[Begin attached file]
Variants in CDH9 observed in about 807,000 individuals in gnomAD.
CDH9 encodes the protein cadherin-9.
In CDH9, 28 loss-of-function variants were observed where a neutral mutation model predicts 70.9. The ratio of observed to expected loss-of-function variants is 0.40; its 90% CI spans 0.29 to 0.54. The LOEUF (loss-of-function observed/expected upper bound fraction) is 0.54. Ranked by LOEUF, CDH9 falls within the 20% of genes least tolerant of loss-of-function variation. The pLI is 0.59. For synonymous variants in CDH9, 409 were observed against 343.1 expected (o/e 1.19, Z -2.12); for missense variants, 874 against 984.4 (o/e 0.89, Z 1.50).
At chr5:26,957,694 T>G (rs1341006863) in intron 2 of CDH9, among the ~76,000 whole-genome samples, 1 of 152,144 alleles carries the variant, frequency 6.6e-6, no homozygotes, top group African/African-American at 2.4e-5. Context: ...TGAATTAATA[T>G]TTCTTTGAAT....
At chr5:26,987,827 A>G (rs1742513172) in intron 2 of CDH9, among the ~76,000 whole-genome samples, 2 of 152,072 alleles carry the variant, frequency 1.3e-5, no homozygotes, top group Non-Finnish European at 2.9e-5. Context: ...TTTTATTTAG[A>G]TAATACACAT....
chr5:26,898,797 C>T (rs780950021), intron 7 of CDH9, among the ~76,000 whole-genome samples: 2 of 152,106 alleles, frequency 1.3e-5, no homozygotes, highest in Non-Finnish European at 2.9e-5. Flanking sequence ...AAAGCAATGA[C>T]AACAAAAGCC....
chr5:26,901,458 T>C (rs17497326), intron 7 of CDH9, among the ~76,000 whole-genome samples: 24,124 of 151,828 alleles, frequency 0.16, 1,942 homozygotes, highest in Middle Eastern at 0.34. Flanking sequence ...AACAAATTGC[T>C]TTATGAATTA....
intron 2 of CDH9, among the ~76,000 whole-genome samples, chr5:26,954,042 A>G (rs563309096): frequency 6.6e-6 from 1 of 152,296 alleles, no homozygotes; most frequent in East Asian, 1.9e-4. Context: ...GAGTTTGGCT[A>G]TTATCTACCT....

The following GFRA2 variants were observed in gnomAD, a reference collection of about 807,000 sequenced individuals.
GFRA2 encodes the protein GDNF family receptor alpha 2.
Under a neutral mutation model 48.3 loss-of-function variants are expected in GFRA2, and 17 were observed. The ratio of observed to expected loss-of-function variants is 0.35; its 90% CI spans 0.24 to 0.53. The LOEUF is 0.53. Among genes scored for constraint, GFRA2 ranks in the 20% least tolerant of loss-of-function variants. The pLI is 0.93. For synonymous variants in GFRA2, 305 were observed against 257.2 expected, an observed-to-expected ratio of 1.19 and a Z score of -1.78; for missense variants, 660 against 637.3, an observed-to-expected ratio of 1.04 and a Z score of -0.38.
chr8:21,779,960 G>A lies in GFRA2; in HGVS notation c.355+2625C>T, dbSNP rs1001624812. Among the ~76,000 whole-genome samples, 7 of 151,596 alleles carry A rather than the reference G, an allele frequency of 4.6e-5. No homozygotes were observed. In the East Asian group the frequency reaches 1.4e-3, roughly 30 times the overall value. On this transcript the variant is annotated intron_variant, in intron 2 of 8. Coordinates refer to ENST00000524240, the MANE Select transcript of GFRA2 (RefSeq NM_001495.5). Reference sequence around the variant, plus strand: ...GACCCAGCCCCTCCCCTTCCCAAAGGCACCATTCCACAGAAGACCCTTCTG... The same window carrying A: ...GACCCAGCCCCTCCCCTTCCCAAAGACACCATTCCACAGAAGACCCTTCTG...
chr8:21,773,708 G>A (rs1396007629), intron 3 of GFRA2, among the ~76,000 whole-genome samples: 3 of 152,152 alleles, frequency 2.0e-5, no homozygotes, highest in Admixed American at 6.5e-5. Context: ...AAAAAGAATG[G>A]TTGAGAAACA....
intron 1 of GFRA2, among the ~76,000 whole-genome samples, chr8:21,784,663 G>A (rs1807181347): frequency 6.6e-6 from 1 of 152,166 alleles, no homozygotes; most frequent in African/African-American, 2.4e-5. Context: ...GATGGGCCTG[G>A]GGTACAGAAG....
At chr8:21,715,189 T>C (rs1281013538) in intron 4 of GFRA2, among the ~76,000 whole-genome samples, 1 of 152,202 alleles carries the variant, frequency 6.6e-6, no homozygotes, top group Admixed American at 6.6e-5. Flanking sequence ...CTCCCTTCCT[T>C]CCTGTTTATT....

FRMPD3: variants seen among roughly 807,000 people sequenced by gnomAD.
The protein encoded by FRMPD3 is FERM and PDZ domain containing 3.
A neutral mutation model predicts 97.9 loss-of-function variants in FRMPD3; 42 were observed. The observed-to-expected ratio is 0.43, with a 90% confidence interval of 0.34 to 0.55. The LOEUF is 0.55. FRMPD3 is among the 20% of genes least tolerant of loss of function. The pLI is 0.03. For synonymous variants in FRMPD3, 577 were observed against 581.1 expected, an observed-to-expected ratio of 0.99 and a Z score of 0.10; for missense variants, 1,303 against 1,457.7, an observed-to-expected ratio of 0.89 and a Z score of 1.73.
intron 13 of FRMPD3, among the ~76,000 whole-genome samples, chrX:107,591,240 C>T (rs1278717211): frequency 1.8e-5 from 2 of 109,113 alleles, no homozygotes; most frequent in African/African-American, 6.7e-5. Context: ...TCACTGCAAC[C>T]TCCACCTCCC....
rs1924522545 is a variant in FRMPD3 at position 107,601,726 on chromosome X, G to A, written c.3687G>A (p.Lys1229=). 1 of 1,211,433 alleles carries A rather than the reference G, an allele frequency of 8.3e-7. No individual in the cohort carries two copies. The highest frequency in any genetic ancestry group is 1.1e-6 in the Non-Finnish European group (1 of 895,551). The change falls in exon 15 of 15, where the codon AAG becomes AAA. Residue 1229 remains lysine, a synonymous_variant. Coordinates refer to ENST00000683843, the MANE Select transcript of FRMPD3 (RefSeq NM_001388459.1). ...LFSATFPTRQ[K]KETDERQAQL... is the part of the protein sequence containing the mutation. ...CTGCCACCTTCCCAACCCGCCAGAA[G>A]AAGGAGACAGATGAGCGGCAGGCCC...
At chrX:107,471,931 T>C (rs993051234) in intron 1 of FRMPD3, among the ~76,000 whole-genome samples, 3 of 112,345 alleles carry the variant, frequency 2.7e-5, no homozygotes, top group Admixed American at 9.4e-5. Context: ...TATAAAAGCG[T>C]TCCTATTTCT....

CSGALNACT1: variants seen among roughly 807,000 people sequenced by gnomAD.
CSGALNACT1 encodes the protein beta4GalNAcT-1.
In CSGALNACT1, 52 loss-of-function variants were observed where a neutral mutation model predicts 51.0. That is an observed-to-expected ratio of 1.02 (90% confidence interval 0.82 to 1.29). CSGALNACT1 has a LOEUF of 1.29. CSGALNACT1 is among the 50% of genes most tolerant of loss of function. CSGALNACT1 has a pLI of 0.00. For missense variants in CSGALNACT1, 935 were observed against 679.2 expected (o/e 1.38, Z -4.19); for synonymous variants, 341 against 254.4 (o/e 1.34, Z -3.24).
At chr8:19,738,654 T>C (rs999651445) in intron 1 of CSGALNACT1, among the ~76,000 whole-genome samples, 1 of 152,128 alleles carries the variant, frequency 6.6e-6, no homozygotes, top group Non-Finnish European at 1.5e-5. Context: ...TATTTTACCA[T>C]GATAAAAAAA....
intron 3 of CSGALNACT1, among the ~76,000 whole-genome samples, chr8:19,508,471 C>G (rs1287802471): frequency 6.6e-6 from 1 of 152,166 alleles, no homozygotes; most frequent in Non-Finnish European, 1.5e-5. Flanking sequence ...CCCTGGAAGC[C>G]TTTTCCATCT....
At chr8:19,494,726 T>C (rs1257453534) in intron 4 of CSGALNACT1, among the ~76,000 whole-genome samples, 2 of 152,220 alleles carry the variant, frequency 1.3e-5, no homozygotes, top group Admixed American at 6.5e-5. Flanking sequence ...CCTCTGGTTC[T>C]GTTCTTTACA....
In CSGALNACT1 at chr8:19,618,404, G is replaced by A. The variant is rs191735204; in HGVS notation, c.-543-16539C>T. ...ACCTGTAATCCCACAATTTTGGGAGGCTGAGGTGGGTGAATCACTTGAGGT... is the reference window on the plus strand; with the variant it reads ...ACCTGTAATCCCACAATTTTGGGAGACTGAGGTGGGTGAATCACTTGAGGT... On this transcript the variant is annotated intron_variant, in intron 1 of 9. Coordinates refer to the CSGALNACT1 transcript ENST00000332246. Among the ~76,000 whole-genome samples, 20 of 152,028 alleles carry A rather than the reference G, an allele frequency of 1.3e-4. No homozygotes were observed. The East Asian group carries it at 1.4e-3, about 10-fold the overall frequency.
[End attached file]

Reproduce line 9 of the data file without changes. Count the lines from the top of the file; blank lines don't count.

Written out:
The following GFRA2 variants were observed in gnomAD, a reference collection of about 807,000 sequenced individuals.